These Amazing Jigsaw Puzzles Feature Artworks by Female Artists From Around the World

JIGGY
JIGGY

There are many different reasons why people might choose a traditional jigsaw puzzle over Candy Crush, Untitled Goose Game, or another smartphone-optimized activity. There’s a tactile satisfaction in the process of fitting the pieces together that you don’t necessarily get from the smooth surface of your phone, for one. It’s also something you can enjoy with a group.

For Kaylin Marcotte, it was a way to unwind at night after seemingly endless days working as theSkimm’s very first employee. Though the low-tech nature of jigsaw puzzling was part of the appeal, she didn’t see why the designs themselves needed to be quite so old-fashioned. So she decided to found her own puzzling company, JIGGY.

This week, JIGGY debuted its first collection, featuring artworks from emerging global female artists. If you’re thinking en vogue modern art sounds like just the thing to fill your blank wall space, Marcotte agrees: The puzzles come with puzzle glue and even a custom precision tool to help you apply it smoothly, so you can frame and hang your creation after completion. If you’re more of a puzzle repeater than a puzzle displayer, that’s fine, too—just pop the pieces back into their sustainable glass container until next time.

The contributing artists hail from all over the world, and each artwork embodies a distinctive style. “Bathing with Flowers” by Slovenia’s Alja Horvat depicts a lush tropical atmosphere, while “BerlinMagalog” by Diana Ejaita (based in Germany and Nigeria) combines bold contrasts with soft patterns to capture the complexity of feminine strength.

jiggy puzzle bathing with flowers
"Bathing with Flowers" by Alja Horvat.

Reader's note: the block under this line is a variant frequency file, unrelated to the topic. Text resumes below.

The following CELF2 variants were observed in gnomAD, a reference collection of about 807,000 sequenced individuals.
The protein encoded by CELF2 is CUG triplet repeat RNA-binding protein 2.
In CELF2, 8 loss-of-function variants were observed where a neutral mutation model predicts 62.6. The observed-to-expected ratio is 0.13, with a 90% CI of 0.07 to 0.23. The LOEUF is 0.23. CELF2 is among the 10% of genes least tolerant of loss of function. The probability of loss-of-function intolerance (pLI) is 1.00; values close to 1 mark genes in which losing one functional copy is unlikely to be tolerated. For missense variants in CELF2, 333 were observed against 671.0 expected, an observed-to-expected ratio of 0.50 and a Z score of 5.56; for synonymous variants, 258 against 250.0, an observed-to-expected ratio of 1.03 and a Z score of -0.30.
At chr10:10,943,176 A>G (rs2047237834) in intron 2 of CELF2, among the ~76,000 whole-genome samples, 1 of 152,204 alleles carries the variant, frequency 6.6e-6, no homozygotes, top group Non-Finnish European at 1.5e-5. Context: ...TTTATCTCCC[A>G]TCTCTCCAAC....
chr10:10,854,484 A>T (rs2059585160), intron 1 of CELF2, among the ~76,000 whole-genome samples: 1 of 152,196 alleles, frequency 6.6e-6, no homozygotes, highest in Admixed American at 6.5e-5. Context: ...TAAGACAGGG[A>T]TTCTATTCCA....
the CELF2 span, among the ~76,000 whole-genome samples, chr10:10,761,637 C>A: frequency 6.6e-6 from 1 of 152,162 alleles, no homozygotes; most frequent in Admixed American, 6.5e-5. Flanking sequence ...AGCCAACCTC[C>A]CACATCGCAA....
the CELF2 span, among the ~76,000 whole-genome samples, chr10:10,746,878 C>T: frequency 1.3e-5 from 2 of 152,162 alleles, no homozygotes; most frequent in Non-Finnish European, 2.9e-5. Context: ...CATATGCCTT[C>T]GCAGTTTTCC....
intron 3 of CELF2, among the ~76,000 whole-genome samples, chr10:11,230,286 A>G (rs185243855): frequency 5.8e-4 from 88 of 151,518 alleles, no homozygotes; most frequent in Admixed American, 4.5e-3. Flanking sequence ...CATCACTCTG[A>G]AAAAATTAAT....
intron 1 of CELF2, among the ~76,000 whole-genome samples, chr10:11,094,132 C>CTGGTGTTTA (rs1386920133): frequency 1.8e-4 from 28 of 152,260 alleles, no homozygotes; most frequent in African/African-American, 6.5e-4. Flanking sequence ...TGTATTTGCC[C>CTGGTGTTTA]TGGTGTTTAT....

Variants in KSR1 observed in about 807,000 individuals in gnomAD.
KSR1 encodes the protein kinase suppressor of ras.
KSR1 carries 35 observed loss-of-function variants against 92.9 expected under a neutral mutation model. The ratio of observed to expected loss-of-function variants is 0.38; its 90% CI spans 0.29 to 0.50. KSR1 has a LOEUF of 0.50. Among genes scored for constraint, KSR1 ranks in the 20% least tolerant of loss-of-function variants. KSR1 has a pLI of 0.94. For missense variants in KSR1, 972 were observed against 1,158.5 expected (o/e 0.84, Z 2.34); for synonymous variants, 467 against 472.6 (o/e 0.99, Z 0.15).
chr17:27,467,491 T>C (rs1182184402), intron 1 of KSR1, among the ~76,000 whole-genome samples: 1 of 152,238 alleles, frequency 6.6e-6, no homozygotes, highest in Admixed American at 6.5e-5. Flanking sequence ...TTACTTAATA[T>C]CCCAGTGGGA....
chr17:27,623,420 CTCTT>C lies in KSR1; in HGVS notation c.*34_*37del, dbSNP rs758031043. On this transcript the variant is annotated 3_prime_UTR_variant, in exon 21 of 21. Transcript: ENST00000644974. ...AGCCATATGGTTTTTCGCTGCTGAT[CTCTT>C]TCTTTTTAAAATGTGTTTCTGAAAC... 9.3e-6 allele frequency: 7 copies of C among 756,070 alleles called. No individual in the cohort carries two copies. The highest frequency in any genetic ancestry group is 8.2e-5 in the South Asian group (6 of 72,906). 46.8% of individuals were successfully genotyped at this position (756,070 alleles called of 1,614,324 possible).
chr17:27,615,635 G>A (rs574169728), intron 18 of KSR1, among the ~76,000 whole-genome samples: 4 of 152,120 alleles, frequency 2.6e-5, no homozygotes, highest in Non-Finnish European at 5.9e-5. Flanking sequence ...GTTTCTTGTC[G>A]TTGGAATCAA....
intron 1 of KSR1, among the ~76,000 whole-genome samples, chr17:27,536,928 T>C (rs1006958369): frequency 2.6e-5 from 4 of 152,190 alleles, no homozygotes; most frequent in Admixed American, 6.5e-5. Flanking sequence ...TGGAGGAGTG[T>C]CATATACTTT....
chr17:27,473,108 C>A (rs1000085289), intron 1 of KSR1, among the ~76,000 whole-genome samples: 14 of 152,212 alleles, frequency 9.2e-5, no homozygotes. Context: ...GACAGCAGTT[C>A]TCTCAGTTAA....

JIGGY

JIGGY puzzle “BerlinMagalog” by Diana Ejaita
“BerlinMagalog” by Diana Ejaita.
JIGGY

In Australia-based Karen Lynch’s “Flamingo Playground,” a building-sized flamingo innocuously stalks across a picturesque, populated beach. And then there’s “The Astronaut” by Seattle’s Emma Repp, a whimsical, vibrant illustration of outer space that brilliantly contrasts the bleak and sometimes terrifying abyss we’re so used to seeing in movies like Gravity (2013) or First Man (2018).

JIGGY puzzle “Flamingo Playground,”
"Flamingo Playground" by Karen Lynch.
JIGGY

JIGGY puzzle “The Astronaut”
“The Astronaut” by Emma Repp.
JIGGY

The full collection comprises three 450-piece puzzles for $40 each, and three 800-piece puzzles for $48 each—you can find out more about the artists and shop for your favorite puzzle here.

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Art Historian Says 10 Works in the Louvre’s Collection Were Looted by Nazis

Freezingtime/iStock via Getty Images
Freezingtime/iStock via Getty Images

By the end of the 1940s, about 60,000 of the 100,000 French artworks looted by Nazis during World War II had been returned to France, but not all of them made it back to their owners—some were auctioned off, while others were labeled as “National Museum Recovery” (MNR) and stored at various museums around the country, including the Louvre.

Earlier this month, the Louvre hired art historian Emmanuelle Polack to help identify the origins of those works, and she’s already traced 10 of them back to a Jewish lawyer from Paris named Armand Dorville, whose 450-piece collection was looted by the Nazis in the early 1940s.